Horton says this is one of the many options hospital leaders examine daily to manage available resources while also balancing extra work related to the pandemic, such as testing and vaccination drives. “There are tradeoffs every day,” she says.
Meanwhile, the nationwide shortage of nurses has boosted the pay rates for travel nurses as high as $7,000 to $8,000 a week. By comparison, a registered nurse in Virginia earned about $1,488 a week in 2020, according to the U.S. Bureau of Labor Statistics’ mean wage report.
“In Virginia we are not seeing the super-high rates we are seeing in some of the other states, but the nurses are,” says registered nurse Diana Wylie, who is vice president of business development for FlexRN, a Fredericksburg-based nurse staffing agency that’s part of American Medical Staffing. “They see they can make $8,000 to $10,000 a week in Florida or Texas or Louisiana. Now you are pulling on a workforce that maybe wasn’t willing to travel before, but can now go make double or triple their normal wage if they leave Virginia.”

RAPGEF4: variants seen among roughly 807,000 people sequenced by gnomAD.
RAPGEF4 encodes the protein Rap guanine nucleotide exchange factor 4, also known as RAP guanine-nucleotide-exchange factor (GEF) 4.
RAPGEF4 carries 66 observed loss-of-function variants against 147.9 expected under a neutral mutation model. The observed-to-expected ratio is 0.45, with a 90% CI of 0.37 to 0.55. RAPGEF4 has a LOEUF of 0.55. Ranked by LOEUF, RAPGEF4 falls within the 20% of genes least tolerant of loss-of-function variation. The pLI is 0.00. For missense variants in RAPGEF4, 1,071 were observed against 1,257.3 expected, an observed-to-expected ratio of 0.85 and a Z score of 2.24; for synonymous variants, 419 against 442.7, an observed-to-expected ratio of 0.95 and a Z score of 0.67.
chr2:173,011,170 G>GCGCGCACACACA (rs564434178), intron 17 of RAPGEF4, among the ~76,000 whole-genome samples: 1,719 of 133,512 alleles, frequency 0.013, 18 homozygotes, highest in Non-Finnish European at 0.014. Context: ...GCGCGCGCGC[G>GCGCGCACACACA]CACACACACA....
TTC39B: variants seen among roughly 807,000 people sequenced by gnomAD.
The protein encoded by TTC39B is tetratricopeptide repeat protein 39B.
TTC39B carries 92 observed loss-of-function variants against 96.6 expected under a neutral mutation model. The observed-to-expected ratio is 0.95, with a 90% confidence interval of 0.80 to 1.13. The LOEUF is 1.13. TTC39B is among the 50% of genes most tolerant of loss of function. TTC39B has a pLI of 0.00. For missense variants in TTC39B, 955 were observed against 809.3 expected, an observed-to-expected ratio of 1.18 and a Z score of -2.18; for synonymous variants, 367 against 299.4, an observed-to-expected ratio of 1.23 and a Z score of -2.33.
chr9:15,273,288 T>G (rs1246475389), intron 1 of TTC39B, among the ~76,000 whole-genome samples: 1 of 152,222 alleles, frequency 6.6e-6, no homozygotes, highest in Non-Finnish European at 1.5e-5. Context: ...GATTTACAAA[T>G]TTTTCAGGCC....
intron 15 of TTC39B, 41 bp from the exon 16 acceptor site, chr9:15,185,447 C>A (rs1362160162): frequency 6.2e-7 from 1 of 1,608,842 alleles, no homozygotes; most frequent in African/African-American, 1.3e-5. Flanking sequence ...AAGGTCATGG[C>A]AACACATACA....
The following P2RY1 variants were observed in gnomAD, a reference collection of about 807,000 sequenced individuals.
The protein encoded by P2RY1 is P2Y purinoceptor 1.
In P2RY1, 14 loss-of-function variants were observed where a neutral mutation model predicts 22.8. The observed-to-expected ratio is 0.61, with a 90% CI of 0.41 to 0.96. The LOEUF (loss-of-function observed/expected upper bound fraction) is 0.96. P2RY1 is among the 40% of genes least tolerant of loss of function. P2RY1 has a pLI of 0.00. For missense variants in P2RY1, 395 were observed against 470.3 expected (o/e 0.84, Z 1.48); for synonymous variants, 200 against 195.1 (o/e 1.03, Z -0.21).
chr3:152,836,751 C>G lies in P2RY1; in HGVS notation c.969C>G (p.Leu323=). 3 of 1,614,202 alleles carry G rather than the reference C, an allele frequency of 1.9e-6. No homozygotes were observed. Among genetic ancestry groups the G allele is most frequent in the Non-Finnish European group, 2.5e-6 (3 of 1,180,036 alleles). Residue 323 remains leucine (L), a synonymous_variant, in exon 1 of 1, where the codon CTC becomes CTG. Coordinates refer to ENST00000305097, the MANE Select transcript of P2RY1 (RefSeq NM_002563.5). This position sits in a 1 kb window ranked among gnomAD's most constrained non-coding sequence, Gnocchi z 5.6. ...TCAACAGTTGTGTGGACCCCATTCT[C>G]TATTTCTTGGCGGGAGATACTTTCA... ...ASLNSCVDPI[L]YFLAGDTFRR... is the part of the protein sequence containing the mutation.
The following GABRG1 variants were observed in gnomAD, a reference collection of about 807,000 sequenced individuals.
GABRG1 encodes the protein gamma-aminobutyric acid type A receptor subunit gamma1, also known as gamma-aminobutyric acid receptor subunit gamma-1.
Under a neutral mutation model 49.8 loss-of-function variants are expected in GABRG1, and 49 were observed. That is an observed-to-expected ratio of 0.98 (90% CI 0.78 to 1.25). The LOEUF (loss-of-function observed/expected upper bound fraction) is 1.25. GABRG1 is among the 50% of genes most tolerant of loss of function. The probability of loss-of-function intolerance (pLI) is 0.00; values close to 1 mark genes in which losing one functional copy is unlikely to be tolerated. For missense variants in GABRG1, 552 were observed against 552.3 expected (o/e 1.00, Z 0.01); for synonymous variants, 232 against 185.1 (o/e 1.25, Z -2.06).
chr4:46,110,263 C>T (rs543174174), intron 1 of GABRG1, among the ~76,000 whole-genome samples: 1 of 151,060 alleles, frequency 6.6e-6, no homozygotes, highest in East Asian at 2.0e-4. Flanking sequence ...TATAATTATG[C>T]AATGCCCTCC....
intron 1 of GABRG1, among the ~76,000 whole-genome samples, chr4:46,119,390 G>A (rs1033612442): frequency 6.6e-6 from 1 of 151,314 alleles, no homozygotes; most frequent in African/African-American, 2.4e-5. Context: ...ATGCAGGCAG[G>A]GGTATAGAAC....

Horton says the salary boost in other states presents problems for hospitals here to attract contracted nurses.
“We can’t even get travelers to come here because they are very attracted to those very high rates and also to the hotspot areas,” Horton says. “Many are breaking their contracts early and going to hotspots.”
For staff nurses, watching a temporary employee make multiple times their pay for the same job can be demoralizing, says Apple.
It also highlights a problem that predates the pandemic: Nurses already felt overwhelmed as nurse staffing levels declined in many hospitals in an effort to contain costs.